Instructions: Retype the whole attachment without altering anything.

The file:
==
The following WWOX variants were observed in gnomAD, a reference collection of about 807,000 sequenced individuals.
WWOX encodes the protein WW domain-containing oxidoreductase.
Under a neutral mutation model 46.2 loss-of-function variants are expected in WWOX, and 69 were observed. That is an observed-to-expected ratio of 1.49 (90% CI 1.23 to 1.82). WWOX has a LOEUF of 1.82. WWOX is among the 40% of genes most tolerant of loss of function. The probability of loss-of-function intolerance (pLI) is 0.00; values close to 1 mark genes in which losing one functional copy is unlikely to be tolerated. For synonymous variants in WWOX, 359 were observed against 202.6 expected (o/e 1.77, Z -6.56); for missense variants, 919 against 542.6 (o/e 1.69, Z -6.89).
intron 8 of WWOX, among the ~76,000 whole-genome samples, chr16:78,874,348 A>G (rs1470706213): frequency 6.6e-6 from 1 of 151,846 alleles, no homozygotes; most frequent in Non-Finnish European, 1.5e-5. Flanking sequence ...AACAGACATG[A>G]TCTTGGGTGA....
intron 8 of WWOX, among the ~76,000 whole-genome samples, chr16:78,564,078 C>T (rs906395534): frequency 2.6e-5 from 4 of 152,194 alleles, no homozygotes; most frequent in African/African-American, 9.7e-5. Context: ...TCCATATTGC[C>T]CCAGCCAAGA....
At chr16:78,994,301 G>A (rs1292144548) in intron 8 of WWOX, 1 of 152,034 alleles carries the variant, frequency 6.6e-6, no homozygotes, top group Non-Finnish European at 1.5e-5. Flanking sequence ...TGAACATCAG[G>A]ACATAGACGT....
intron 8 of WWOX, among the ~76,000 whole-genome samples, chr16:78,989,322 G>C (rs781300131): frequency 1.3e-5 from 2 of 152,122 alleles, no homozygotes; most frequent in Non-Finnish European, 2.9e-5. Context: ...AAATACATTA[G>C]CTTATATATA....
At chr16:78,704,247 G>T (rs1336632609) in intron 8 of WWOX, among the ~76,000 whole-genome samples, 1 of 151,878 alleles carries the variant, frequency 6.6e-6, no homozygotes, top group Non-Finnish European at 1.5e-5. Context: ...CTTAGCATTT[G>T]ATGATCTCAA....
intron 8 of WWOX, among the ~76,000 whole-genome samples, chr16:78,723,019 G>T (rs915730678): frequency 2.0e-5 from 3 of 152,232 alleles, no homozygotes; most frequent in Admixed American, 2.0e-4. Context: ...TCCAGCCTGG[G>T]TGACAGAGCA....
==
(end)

The following WWOX variants were observed in gnomAD, a reference collection of about 807,000 sequenced individuals.
WWOX encodes the protein WW domain-containing oxidoreductase.
Under a neutral mutation model 46.2 loss-of-function variants are expected in WWOX, and 69 were observed. That is an observed-to-expected ratio of 1.49 (90% CI 1.23 to 1.82). WWOX has a LOEUF of 1.82. WWOX is among the 40% of genes most tolerant of loss of function. The probability of loss-of-function intolerance (pLI) is 0.00; values close to 1 mark genes in which losing one functional copy is unlikely to be tolerated. For synonymous variants in WWOX, 359 were observed against 202.6 expected (o/e 1.77, Z -6.56); for missense variants, 919 against 542.6 (o/e 1.69, Z -6.89).
intron 8 of WWOX, among the ~76,000 whole-genome samples, chr16:78,874,348 A>G (rs1470706213): frequency 6.6e-6 from 1 of 151,846 alleles, no homozygotes; most frequent in Non-Finnish European, 1.5e-5. Flanking sequence ...AACAGACATG[A>G]TCTTGGGTGA....
intron 8 of WWOX, among the ~76,000 whole-genome samples, chr16:78,564,078 C>T (rs906395534): frequency 2.6e-5 from 4 of 152,194 alleles, no homozygotes; most frequent in African/African-American, 9.7e-5. Context: ...TCCATATTGC[C>T]CCAGCCAAGA....
At chr16:78,994,301 G>A (rs1292144548) in intron 8 of WWOX, 1 of 152,034 alleles carries the variant, frequency 6.6e-6, no homozygotes, top group Non-Finnish European at 1.5e-5. Flanking sequence ...TGAACATCAG[G>A]ACATAGACGT....
intron 8 of WWOX, among the ~76,000 whole-genome samples, chr16:78,989,322 G>C (rs781300131): frequency 1.3e-5 from 2 of 152,122 alleles, no homozygotes; most frequent in Non-Finnish European, 2.9e-5. Context: ...AAATACATTA[G>C]CTTATATATA....
At chr16:78,704,247 G>T (rs1336632609) in intron 8 of WWOX, among the ~76,000 whole-genome samples, 1 of 151,878 alleles carries the variant, frequency 6.6e-6, no homozygotes, top group Non-Finnish European at 1.5e-5. Context: ...CTTAGCATTT[G>T]ATGATCTCAA....
intron 8 of WWOX, among the ~76,000 whole-genome samples, chr16:78,723,019 G>T (rs915730678): frequency 2.0e-5 from 3 of 152,232 alleles, no homozygotes; most frequent in Admixed American, 2.0e-4. Context: ...TCCAGCCTGG[G>T]TGACAGAGCA....